Looking for a new book to read? We recommend you pick up a copy of The Broken Road. Last week, we had a chat with the author, Amanda Johnston, about what inspired her to write, the writing process itself and how it has changed her.
4word: Tell us a bit about yourself. How long have you been a Christian, and where are you now in your walk with God?
Amanda: I’m a married mom of three. My husband is a firefighter/paramedic, our oldest son is in Heaven, and we have a four-and-a-half-year-old daughter and a son who is almost two. Right now, I stay at home with the kids, but prior to this year, I taught high school English and history at a private Christian school. I hope to go back to teaching someday when the timing is right.
4word: How long have you wanted to be an author?
Amanda: I started writing poetry back in 8th grade to work through a bout with depression. In high school, when the school’s literary journal printed some of my poetry, I though I could make something out of being a writer.
4word: And where are you now in your walk with God?
Amanda: I became a Christian on December 26, 1986, two days after my fifth birthday. My parents and older brother encouraged me to take my faith seriously, so I look back on my childhood and adolescence as the kind most Christian parents want for their kids. Of course, I had my sin issues and minor rebellious streaks, but for the most part, I wanted to live with integrity and honor Jesus.
Right now, I am learning how to be an introverted mom to two extroverted children. They are two exuberant, creative, loving kids who live every day like it’s the grandest in existence. I cherish solitude, quiet and contemplation. Abba is teaching me, through them, to cherish community, excitement and my awkward participation in sports.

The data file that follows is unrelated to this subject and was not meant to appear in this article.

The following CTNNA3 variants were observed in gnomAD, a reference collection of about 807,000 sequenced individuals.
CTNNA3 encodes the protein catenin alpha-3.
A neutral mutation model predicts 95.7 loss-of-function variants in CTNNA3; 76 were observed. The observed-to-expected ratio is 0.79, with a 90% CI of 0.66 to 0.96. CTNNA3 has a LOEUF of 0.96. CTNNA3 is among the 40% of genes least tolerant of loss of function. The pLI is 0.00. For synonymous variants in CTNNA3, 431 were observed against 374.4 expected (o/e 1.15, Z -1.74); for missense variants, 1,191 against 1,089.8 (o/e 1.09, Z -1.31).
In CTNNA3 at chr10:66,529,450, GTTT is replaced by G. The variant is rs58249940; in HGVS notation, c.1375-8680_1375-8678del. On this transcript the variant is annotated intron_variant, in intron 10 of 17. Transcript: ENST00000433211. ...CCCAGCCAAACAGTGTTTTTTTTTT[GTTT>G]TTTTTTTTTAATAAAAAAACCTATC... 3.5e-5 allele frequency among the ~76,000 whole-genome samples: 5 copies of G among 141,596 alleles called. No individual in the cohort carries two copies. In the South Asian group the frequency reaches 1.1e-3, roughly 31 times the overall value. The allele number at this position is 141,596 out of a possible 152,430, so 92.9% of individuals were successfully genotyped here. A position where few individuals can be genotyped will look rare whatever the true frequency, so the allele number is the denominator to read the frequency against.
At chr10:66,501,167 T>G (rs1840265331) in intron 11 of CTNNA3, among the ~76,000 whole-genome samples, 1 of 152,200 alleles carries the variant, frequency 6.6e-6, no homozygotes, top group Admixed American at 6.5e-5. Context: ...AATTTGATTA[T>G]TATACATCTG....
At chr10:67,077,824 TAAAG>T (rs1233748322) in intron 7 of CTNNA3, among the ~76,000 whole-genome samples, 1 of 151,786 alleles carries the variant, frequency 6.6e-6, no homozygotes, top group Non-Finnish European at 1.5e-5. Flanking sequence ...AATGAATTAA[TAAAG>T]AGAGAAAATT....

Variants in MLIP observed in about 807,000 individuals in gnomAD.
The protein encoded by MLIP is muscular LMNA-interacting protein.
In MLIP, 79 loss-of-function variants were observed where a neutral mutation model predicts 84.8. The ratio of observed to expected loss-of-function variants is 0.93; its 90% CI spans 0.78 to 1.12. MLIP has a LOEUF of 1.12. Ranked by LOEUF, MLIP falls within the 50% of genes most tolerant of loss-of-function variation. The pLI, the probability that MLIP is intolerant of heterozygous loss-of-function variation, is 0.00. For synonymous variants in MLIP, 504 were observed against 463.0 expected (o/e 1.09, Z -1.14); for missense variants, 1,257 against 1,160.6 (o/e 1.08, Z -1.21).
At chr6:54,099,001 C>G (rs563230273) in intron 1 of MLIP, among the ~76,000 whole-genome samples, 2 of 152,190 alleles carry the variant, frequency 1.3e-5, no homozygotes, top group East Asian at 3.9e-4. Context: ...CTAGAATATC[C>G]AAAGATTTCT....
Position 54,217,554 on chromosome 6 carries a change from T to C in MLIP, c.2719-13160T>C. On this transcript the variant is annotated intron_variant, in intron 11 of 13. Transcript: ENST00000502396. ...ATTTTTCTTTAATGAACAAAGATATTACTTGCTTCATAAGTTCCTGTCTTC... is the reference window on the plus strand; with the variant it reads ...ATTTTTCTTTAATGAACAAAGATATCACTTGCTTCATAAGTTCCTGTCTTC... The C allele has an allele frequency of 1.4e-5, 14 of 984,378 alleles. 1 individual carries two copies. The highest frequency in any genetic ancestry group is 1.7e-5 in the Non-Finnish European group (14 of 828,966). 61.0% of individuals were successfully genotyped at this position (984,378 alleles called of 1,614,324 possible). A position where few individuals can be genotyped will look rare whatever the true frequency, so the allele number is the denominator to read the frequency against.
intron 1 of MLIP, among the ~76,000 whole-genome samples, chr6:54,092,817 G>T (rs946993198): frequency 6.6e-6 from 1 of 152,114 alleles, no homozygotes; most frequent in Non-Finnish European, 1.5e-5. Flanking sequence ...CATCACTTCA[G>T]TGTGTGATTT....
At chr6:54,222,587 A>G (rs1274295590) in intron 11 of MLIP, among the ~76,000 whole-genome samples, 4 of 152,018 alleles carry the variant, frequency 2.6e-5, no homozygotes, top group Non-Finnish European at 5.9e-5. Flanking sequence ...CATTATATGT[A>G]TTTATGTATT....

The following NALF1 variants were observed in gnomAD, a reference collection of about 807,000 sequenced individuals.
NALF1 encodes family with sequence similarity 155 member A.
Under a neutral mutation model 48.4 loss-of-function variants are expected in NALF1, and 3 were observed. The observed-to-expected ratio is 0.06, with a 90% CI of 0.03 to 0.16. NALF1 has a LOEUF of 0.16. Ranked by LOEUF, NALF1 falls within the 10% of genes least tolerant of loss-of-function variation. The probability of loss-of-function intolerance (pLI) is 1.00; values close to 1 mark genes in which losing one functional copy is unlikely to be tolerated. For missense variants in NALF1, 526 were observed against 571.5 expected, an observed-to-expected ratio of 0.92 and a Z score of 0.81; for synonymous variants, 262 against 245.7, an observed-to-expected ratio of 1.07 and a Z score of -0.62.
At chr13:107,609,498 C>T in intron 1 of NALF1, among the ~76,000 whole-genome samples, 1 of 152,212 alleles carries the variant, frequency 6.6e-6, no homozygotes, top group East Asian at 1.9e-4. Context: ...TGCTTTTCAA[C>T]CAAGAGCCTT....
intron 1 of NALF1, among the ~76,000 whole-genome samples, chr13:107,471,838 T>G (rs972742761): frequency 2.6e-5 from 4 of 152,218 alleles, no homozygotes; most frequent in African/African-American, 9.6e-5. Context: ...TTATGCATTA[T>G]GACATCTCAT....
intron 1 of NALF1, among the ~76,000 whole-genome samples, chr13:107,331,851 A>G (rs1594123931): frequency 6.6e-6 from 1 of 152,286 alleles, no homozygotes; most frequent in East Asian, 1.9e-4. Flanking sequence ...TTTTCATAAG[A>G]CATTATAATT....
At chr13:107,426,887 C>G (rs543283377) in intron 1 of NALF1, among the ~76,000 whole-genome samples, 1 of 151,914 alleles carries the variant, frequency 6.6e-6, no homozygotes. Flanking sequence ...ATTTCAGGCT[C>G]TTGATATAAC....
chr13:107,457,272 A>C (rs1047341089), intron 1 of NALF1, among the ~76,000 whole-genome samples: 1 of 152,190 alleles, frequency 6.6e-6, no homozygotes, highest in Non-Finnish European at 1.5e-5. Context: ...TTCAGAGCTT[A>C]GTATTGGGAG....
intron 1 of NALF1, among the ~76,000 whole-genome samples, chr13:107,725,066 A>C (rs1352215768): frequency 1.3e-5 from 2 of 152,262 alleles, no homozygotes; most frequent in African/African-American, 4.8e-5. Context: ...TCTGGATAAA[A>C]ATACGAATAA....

4word: What part of writing a book is the most difficult for you? Why? How do you work through that difficulty?
Amanda: The most difficult part is finding the time to write. In Little Women, L. M. Alcott describes Jo March as falling into a “vortex” when she writes. In this vortex, Jo writes furiously for days or even weeks at a time, then suddenly, she is done and emerges to return to everyday life for several weeks or months. I am a “vortex” writer, which is difficult when you’re a stay-at-home mom with two kids under five. I still haven’t figured out how to mesh the vortex with being a housewife…
4word: And which part comes most easily to you?
Amanda: I love writing dialogue. As I have deepened my relationships with my characters over the last eleven years, I hardly have to think about what they will say. Their words pour out of me easily, because I know them better than I know many of the real people in my life.
4word: How has the process of writing your first book changed you and your relationships with others?
Amanda: Writing a novel is hard work. Though I enjoy it immensely, the actual discipline of writing has taught me to be more careful with my time. Writing is the ministry Abba has placed on my heart, so I have to be protective of it and not allow other good ministry opportunities to take its place. That said, I also can’t allow writing to supersede the privilege of I have of being a wife to my husband and a mother to our children.
Writing The Broken Road deepened my relationships with family and friends, especially as I handed them portions of the manuscript to read. For the first time, I handed them my heart on paper. Their understanding of me as a writer — that what I was doing went far deeper than they initially understood — strengthened our relationships as well.
Through writing The Broken Road, I learned for myself that Abba cares very much about even the tiniest details of our lives. That truth is no longer only a promise in Scripture to me; it is a personal, active promise in my life, because He involved Himself in the smallest details of the story in ways that still amuse me.
If you’d like to hear more from Amanda, you can visit her blog or find her on Facebook. And don’t forget that The Broken Road is available on Amazon in paperback and Kindle versions.